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Interview Practice And Its Importance At The USPTO

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Craige Thompson

Craige is an experienced engineer, accomplished patent attorney, and bestselling author.

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By Andrei Iancu, Under Secretary Of Commerce For Intellectual Property And Director Of The United States Patent And Trademark Office

First Action Interview Pilot Program to end on January 15, 2021

Whether initiated by the applicant or the examiner, interviews during patent prosecution provide an opportunity for the participants to discuss the merits of an application and gain insights that are sometimes not apparent through written exchanges. Examiners are available for telephonic or video interviews, with video interviews gaining in popularity.

The USPTO’s improved information technology infrastructure is now permitting high-quality virtual interactions that far exceed past experiences.

Interviews can lead to a better understanding of an applicant’s invention, bridge gaps between the examiner and applicant, and serve as an effective mechanism for facilitating agreement and furthering prosecution.

Recent data shows that applications with at least one interview had an allowance rate 10% higher than those with no interview, demonstrating that interviews are an effective tool to place claims in a condition for allowance.

This statistic is especially meaningful, as interviews most commonly occur when rejections or objections are pending and the path to allowability is not immediately clear.

As a result of the USPTO’s efforts to promote interview practice at all stages of prosecution, the percentage of applications having at least one interview is now at an all-time high, having risen from 19.6% at the beginning of FY 2010 to 38.1% at the end of FY 2020.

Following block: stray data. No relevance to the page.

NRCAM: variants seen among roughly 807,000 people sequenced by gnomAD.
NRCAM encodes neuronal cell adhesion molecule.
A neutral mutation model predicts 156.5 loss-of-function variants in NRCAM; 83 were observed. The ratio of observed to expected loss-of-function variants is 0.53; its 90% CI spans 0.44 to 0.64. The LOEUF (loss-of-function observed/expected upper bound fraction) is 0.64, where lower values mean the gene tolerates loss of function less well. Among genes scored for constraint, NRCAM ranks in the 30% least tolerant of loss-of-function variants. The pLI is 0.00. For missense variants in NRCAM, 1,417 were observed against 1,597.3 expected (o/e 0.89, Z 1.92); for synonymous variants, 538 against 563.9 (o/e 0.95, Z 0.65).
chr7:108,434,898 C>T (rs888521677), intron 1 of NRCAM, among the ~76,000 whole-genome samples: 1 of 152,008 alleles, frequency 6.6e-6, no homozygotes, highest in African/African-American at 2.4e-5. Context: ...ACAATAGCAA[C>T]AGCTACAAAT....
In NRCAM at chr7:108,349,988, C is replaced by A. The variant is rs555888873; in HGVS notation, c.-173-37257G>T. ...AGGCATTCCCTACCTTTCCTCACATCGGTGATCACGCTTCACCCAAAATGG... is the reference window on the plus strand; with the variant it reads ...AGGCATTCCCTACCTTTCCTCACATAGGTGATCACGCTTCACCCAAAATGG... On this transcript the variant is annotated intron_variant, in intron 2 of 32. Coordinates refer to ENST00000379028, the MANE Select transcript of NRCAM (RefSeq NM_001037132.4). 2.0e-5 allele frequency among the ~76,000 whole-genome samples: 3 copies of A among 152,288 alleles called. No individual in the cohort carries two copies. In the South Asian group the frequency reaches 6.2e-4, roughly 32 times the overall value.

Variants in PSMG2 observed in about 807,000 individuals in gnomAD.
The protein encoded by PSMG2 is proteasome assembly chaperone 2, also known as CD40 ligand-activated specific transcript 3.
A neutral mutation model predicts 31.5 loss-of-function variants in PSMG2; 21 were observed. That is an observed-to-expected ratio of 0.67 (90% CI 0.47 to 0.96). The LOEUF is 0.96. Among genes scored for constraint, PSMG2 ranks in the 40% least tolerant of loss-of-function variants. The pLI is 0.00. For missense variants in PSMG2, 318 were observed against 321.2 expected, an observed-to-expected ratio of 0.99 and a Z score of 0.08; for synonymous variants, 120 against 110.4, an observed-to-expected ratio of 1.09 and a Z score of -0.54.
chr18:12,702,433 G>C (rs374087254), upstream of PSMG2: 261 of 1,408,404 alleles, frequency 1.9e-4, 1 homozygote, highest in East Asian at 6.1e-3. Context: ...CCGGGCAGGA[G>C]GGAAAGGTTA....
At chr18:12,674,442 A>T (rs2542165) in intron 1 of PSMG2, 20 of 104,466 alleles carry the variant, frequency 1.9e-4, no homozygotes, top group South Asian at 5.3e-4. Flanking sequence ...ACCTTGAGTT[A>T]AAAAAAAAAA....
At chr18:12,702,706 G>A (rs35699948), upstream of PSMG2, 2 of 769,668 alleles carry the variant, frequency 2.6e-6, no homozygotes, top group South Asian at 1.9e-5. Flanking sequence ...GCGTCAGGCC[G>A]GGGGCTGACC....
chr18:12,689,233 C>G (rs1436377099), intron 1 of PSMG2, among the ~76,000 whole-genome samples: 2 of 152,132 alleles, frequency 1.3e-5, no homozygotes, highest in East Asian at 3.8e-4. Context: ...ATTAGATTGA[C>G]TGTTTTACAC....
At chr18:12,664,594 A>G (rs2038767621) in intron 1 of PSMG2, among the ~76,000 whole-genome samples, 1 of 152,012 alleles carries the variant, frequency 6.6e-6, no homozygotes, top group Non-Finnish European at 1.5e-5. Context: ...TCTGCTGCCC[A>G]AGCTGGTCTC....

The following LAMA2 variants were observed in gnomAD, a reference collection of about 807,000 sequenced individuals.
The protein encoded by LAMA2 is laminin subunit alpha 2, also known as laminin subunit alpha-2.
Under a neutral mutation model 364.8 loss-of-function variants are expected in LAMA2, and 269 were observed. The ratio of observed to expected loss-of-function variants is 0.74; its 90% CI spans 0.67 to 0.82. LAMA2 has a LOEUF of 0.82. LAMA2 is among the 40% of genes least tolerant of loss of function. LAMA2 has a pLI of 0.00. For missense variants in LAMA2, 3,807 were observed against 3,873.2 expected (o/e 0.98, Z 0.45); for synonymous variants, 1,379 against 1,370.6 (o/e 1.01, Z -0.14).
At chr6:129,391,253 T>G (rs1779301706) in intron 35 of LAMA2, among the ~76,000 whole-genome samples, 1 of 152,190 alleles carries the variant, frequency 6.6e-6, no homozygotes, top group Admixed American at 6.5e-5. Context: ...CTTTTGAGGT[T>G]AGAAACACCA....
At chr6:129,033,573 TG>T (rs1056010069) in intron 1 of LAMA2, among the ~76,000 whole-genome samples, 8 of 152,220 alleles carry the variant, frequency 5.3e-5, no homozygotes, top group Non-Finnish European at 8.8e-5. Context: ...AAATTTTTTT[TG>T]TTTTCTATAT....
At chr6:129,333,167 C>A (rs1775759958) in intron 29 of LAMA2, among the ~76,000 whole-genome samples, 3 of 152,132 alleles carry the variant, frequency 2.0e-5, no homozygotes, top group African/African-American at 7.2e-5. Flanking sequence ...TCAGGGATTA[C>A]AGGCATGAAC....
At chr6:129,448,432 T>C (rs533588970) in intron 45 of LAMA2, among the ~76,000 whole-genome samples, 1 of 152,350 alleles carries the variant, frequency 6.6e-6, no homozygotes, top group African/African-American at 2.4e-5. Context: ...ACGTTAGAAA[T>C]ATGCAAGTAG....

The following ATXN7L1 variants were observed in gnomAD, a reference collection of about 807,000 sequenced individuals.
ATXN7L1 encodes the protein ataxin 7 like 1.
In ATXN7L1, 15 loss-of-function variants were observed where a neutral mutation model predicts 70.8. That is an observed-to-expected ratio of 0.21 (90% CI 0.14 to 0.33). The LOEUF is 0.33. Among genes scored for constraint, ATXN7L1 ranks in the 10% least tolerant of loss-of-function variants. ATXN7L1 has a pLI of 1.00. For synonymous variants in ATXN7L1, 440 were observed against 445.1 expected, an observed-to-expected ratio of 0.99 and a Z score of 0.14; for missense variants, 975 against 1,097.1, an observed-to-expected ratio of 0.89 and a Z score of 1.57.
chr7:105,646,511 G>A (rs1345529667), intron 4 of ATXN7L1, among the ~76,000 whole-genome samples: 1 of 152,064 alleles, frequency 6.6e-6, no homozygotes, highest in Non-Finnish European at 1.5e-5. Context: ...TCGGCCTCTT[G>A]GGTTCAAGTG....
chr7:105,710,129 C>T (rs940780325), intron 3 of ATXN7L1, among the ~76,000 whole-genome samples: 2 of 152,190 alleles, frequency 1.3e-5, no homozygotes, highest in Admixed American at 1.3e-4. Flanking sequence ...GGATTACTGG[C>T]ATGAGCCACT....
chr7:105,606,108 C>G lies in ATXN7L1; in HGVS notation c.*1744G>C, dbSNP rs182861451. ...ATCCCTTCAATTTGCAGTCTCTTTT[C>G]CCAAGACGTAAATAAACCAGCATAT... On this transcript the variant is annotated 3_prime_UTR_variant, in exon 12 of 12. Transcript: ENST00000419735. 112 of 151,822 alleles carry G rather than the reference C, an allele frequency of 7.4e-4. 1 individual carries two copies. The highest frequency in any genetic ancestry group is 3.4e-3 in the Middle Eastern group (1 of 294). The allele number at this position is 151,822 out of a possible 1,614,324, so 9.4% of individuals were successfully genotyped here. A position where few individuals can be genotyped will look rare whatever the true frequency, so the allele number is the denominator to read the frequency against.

To maintain steady progress in this area, we are constantly monitoring and refining our programs. Over time, the USPTO has introduced a number of successful enhancements to facilitate interviews, including: Automated Interview Requests, a convenient web-based method to request an interview; Technology Center Interview Specialists, subject matter experts on interview practice and policy; video conference interviews, allowing an examiner and an applicant to interact in real time from anywhere using video and document sharing; and public interview rooms, available at each USPTO office (when our physical premises reopen).

On the other hand, the Full First Action Interview Pilot Program has not been as successful. The program couples an interview before a first office action on the merits at the request of the applicant with modified prosecution procedures. During the 12 years of the program’s existence, it has been used for only approximately 0.2% of eligible applications.

Due to its limited use, the program will be discontinued effective January 15, 2021. This will allow us to concentrate on more effective actions.

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